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Yakovlev AIR-7

The Yakovlev AIR-7, an experimental Soviet light aircraft from the 1930s, showcased remarkable capabilities in terms of high performance.

This single-engined monoplane, designed to accommodate two individuals, underwent rigorous testing and proved its exceptional performance.

However, an incident involving flutter nearly caused the prototype to crash, leading to a temporary setback for its creator, Alexander Sergeyevich Yakovlev, and ultimately preventing any further production of the aircraft.

In April 1931, Alexander Sergeyevich Yakovlev, a recent graduate of the Air Force Academy, was appointed as an engineering supervisor at State Aviation Factory No 39 (GAZ-39), where the renowned designer Nikolai Nikolaevich Polikarpov was serving as an NKVD prisoner.

It is important to note that Yakovlev was not a prisoner but rather a regular employee at the factory, although an “Internal Prison” was present within the premises to house Polikarpov and other designers.

GAZ-39 specialized in the production of Polikarpov’s I-5 fighter, a biplane equipped with a Bristol Jupiter engine manufactured under license.

Yakovlev, however, recognized the potential for a faster aircraft by designing a streamlined monoplane that incorporated the Jupiter engine from the I-5 and could accommodate a passenger.

Despite facing disapproval from GAZ-39’s management, Yakovlev managed to secure funding from Osoaviakhim, the Soviet paramilitary sports society.

He then formed a small team within the factory to undertake the design and construction of the innovative aircraft, which came to be known as the AIR-7.

The resulting aircraft emerged as a meticulously streamlined, two-seat tractor low-wing monoplane, employing a combination of materials in its construction.

The fuselage was meticulously crafted using welded mild steel tubing, featuring dural panelling in the forward section of the cockpit and fabric covering towards the rear.

This design allowed for the pilot and passenger to be seated in tandem beneath a fully enclosed canopy.

The wing, constructed from wood and fabric, was reinforced with cables and overwing steel struts, effectively reducing the need for a thicker wing structure.

To enhance its aerodynamic efficiency, the aircraft was equipped with a fixed conventional landing gear, with the mainwheels enclosed within trouser fairings to minimize drag.

Additionally, a sprung metal tailskid was incorporated into the design.

Powering the aircraft was a single Shvetsov M-22 engine, a licensed version of the Bristol Jupiter radial engine, which was enclosed by a Townend ring and drove a two-bladed propeller.

On 19 November 1932, the AIR-7 embarked on its inaugural flight and achieved a remarkable speed of 335 kilometres per hour (208 mph) on its second flight the following day, with Yakovlev as a passenger.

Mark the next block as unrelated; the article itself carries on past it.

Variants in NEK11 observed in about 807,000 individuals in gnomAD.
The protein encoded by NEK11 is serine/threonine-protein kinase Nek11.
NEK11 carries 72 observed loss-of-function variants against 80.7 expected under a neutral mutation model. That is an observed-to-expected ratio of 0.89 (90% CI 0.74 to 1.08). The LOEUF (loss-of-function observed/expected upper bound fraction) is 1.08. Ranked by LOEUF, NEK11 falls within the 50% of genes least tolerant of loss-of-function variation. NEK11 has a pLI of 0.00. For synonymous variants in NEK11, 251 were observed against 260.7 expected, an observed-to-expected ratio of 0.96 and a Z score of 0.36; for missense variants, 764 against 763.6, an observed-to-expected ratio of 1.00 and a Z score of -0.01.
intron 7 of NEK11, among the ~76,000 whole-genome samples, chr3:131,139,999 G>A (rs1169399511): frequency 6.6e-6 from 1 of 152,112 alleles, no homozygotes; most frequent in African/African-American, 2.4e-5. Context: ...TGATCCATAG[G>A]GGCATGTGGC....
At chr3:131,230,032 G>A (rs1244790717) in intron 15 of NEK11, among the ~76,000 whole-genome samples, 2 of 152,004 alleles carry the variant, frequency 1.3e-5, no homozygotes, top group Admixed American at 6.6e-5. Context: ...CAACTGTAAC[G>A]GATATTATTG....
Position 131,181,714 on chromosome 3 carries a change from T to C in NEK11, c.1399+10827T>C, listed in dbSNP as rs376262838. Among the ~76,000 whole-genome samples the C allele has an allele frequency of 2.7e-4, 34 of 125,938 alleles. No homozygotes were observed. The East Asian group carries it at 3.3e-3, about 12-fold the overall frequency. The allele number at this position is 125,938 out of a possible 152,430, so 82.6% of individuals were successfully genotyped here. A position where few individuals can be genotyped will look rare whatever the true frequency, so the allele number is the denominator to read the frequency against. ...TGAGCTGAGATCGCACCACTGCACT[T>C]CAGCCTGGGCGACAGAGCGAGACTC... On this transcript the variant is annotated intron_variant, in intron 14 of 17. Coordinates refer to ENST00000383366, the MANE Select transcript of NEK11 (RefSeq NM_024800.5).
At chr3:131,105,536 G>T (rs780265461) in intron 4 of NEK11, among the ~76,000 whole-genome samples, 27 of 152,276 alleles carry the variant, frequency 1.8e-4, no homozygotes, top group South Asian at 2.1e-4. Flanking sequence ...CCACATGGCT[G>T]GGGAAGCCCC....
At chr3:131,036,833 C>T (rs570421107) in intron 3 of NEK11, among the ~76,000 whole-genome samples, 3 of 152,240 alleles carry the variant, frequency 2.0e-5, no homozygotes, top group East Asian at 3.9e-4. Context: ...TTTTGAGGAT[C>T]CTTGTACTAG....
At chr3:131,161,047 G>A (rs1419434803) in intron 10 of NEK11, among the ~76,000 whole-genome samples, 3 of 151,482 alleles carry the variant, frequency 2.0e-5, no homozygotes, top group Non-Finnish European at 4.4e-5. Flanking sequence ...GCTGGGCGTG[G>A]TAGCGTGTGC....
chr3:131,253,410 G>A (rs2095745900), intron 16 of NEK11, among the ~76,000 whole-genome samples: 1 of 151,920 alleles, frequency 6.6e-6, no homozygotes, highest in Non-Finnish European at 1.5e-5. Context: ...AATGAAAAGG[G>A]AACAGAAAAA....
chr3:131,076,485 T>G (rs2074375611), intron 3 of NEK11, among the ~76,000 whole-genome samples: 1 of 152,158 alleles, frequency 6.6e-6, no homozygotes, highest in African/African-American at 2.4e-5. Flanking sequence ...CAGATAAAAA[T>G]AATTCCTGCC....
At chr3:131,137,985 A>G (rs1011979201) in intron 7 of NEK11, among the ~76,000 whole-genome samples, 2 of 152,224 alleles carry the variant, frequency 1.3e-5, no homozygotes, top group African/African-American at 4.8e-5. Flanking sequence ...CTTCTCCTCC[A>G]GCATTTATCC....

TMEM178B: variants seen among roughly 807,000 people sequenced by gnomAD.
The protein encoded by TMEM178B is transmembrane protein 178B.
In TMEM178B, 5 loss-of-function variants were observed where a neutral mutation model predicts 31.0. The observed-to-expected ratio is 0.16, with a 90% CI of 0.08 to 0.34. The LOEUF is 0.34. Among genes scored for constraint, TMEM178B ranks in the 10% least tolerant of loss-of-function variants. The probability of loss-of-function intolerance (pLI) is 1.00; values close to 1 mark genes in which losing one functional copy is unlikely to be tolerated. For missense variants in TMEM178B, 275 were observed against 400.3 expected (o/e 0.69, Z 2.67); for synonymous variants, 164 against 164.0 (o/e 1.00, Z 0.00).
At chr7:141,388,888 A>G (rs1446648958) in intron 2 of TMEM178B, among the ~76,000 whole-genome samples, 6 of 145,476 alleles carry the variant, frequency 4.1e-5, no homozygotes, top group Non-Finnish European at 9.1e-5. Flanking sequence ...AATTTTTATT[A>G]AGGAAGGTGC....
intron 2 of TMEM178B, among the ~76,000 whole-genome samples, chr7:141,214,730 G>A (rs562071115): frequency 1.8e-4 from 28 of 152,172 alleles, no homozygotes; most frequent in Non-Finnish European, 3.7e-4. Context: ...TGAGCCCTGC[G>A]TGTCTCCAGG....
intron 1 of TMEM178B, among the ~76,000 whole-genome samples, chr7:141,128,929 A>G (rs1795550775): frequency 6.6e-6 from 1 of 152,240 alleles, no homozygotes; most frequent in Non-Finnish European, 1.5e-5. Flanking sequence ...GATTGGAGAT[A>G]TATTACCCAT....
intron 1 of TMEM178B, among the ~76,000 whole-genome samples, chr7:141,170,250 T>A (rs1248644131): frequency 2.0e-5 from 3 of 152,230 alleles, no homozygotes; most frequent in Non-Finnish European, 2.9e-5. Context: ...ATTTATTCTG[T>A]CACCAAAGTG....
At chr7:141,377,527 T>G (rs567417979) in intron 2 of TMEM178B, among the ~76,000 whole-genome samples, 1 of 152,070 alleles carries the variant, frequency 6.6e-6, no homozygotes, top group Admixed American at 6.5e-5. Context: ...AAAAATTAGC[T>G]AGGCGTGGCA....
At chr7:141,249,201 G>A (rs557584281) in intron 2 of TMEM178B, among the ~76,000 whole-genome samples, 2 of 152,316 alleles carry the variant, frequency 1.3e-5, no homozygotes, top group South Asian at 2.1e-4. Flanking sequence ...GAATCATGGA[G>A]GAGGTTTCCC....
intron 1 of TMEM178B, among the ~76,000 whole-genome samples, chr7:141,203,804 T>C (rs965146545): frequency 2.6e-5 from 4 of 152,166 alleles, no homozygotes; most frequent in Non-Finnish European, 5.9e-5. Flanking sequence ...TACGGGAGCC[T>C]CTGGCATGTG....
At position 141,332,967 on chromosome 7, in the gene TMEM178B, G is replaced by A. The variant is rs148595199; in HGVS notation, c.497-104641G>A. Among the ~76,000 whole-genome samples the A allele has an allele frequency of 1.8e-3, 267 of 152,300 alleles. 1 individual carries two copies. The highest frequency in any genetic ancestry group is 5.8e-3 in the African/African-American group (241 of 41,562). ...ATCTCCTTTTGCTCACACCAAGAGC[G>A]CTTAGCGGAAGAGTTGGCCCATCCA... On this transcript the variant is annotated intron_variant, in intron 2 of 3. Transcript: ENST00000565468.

However, during a demonstration in front of senior officers of the Soviet Air Forces on 23 November, the starboard aileron of the AIR-7 broke off mid-flight, leading to a forced landing.

The AIR-7 was repaired after the accident, with reinforced aileron hinges and modified undercarriage fairings, and went on to set a new national speed record of 332 kilometres per hour (206 mph) on 25 September 1933.

Yakovlev took responsibility for the accident, citing an error in the calculation of the aileron hinge’s strength.

Despite his explanation, the commission investigating the incident refused to consider his evidence and recommended that he be barred from design work and not receive any awards.

Consequently, Yakovlev and his team were dismissed from OKB-39.

Nevertheless, Yakovlev used his connections in the Communist Party to establish the Yakovlev OKB in a dilapidated Moscow bed factory in 1934, where he resumed his aircraft design work.

One passenger
7.80 m (25 ft 7 in)
11.00 m (36 ft 1 in)
3.10 m (10 ft 2 in)
Wing area
19.40 m2 (208.8 sq ft)
Empty weight
900 kg (1,984 lb)
Gross weight
1,400 kg (3,086 lb)
1 × Shvetsov M-22 9-cylinder air-cooled radial engine,
360 kW (480 hp)
Maximum speed
332 km/h (206 mph, 179 kn)
270 km (170 mi, 150 nmi) (normal range)
Ferry range
1,300 km (810 mi, 700 nmi) (maximum range)
Service ceiling
5,800 m (19,000 ft)
Time to altitude
3 min to 1,000 m (3,300 ft)
Yakovlev Aircraft Since 1924 – Bill Gunston & Yefim Gordon.
OKB Yakovlev, A History of the Design Bureau and its Aircraft-Yefim Gordon, Dmitriy Komissarov & Sergey Komissarov.
Soviet Aircrafts Illustrated-A.S.Yakovlev.
The History of Soviet Aircraft from 1918-Vaclav Nemecek.
Soviet AF Fighter Colours 1941-45-Erik Pilaeskii.
Soviet Combat Aircraft of the Second World War, Vol 1, Single Engined Fighters-Yefim Gordon and Dmitri Khazanov.
Early Soviet Jet Fighters, The 1940s and early 50s-Yefim Gordon.
Soviet Secret Projects, Fighters Since 1945-Tony Buttler & Yefim Gordon.
Soviet Secret Projects, Bombers Since 1945-Tony Buttler & Yefim Gordon.
Soviet Aircraft of Today-Nico Sgariato.
Modern Soviet Fighters-Mike Spick.

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